I have run across the names of Buda and Meyer before, I kinda feel Meyer does not write what I would like to read, generally, and though I have not yet read any other Chuck Buda items, I would be open to doing so. Anyway, the frame story starts off really well. It does a good job of setting the scene and making the reader settled in for a rough and rowdy horror funhouse.  The characters are introduced and the purpose of the frame and the included backstories is sufficiently set up. Nothing at all wrong with this segment. But the first story… its got a lot going on in it.  The Vietnam backstory (which comes with intense flashbacks), the Mafia, the drugs, the porn, the brewery, etc. The story is completed, fairly polished, and there is nothing wrong with it, I guess. But I did not like it. I feel like the drugs and the Vietnam and the porn and the mafia took away from what could have been. I can imagine a story with the miserable veteran who is on hardcore drugs. I can imagine him making bad choices. I can imagine his choices affecting the brewery. However, this story, as it was written, seemed to go on too long, the porn chunk made the story lose a lot of the build-up of the psychedelic confusions, and at the end of the day, I hated every character. The horror was lost to the parts.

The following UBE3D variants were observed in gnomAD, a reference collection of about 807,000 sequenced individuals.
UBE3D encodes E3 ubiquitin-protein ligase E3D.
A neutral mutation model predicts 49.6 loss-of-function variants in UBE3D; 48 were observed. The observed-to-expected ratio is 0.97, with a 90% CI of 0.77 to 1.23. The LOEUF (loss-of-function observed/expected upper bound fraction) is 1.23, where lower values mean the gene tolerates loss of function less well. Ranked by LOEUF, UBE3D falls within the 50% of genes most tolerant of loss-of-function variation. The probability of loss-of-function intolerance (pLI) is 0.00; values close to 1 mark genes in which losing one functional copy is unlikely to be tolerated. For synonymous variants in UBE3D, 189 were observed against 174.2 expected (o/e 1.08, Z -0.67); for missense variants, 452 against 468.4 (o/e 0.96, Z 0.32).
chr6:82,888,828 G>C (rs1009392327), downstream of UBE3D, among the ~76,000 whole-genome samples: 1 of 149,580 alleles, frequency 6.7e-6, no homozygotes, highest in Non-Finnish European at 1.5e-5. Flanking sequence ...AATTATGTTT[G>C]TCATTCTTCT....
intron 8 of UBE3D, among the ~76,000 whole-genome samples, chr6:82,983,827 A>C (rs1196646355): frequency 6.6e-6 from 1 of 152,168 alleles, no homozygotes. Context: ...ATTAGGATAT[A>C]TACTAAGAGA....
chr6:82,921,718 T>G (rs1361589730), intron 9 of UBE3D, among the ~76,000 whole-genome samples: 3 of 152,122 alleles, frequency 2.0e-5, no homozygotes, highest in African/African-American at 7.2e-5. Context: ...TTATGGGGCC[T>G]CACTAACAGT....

I was trying to imagine readers after having read this story.  Is the story relevant and readable? Yes. It is also gritty, dark, violent as hell, and gory. But after, I think, a day or two, I do not think the story sticks around. Its just easy in and easy out consumable junk food.  There is a surprising amount of sex in the book, though it just feels like another avenue of violence. So, you have violence between humans, violence through alcohol, violence via sex, violence from demons…. So, the first story tends to lean more towards just violence than horror or macabre or anything like that.